From the mid-1960s onwards, the Vulcan’s white paint-scheme was replaced by green and grey camouflage, the change in colour being a very visible sign of a change in tactics from high-level to low-level attack. Advancing Soviet SAM technology meant the V-Force could no longer rely on speed and height for protection.
The switch to low-level operations seriously reduced the effectiveness of Blue Steel, which could now only be launched from a range of 25 miles. Consequently, the task of destroying primary targets was passed to the Yellow Sun squadrons, the Blue Steel units being restricted to peripheral targets.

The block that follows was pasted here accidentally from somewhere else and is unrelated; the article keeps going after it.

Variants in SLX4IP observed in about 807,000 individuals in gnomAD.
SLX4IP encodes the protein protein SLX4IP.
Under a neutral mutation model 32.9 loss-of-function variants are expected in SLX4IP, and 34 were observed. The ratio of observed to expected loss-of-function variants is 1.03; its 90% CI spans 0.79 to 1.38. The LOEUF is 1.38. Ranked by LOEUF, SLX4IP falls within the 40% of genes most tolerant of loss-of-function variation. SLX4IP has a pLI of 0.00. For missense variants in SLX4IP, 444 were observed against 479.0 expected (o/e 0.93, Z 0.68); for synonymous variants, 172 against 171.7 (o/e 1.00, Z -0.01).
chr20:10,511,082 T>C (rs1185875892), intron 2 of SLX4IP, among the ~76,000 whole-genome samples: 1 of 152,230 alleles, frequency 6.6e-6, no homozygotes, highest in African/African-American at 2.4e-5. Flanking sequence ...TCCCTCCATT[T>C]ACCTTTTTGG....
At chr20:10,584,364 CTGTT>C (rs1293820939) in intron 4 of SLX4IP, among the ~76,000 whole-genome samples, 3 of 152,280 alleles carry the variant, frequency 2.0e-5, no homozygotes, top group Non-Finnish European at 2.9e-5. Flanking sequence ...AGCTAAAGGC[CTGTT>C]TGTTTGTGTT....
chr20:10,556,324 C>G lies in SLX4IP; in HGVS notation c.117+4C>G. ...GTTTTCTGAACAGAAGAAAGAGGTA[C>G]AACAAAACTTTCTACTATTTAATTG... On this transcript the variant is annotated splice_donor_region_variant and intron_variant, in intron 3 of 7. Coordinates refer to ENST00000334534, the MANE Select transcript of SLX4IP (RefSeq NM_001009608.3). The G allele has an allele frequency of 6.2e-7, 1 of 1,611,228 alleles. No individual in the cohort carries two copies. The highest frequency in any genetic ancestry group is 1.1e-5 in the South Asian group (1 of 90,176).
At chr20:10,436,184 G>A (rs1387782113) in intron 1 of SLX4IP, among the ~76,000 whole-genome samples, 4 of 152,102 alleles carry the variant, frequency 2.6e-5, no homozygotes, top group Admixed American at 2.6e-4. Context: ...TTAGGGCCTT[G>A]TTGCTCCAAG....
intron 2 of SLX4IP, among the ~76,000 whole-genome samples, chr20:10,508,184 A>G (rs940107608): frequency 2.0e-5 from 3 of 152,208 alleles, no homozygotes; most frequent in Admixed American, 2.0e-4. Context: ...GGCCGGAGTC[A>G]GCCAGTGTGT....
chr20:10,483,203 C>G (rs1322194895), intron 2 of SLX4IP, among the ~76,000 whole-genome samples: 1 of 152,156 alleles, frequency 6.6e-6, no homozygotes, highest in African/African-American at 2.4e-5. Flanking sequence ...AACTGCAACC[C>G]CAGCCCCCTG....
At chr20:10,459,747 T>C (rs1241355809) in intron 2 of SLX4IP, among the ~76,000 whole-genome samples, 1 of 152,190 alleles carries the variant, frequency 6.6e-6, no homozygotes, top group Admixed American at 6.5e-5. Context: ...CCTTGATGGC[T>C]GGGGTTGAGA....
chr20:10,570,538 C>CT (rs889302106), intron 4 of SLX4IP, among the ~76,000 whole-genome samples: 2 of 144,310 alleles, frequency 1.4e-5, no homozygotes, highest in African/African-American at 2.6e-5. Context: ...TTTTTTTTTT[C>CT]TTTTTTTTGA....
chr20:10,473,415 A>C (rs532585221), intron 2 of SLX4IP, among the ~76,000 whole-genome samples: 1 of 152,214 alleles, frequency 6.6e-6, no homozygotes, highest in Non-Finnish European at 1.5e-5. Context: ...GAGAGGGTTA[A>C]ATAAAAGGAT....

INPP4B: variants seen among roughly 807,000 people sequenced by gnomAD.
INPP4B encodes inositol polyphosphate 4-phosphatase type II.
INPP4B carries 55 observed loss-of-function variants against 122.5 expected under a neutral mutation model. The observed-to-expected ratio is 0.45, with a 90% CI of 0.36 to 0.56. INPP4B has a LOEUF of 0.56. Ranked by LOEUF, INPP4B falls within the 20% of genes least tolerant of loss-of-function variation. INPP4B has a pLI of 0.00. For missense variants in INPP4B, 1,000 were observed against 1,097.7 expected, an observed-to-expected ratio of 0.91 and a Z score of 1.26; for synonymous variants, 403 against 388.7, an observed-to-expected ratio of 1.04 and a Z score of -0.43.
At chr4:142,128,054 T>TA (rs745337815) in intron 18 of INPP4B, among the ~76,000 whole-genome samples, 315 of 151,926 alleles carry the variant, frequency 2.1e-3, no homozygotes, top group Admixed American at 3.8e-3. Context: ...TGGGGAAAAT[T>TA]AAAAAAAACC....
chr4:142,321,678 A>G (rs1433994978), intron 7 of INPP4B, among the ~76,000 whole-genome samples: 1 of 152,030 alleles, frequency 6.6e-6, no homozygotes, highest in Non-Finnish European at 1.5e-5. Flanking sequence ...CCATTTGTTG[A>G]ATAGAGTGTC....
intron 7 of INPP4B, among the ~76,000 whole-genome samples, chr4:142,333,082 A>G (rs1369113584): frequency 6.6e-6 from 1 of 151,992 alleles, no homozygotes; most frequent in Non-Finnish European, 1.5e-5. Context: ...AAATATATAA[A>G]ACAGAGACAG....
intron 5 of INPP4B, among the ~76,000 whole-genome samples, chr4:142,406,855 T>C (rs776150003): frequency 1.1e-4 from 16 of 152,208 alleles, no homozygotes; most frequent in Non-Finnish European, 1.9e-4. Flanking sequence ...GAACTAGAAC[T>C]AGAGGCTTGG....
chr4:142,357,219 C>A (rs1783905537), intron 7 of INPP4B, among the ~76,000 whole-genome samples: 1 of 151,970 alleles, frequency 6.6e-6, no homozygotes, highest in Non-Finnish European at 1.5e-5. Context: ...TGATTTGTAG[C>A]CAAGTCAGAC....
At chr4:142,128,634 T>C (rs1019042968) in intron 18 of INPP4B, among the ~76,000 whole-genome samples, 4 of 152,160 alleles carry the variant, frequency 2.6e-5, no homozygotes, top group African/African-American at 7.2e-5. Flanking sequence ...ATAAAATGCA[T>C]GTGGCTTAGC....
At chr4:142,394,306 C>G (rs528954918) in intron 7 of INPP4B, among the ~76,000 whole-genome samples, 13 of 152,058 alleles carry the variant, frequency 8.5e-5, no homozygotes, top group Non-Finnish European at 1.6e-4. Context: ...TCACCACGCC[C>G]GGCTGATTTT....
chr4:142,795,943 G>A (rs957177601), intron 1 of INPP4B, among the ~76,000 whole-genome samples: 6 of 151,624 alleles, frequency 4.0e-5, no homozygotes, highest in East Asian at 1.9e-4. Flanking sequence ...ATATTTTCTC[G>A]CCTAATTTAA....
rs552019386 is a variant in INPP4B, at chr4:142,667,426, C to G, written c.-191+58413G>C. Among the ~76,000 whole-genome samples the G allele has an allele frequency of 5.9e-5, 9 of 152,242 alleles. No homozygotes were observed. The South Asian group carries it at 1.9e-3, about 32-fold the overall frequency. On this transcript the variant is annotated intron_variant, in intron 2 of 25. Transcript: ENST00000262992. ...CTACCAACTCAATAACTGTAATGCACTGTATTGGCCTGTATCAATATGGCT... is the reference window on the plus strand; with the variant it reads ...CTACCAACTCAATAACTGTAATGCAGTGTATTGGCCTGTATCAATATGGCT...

Responsibility for the British nuclear deterrent was handed over by the RAF to the Royal Navy, and its Polaris submarines, on 30 June 1969. QRA ceased on midnight that day and brought to an end the longest period of constant alert ever maintained by a British military force.
Following the hand-over, the Vulcan force was re-tasked to the low-level conventional bombing role, although it retained a tactical nuclear capability using the WE177B parachute-retarded bomb.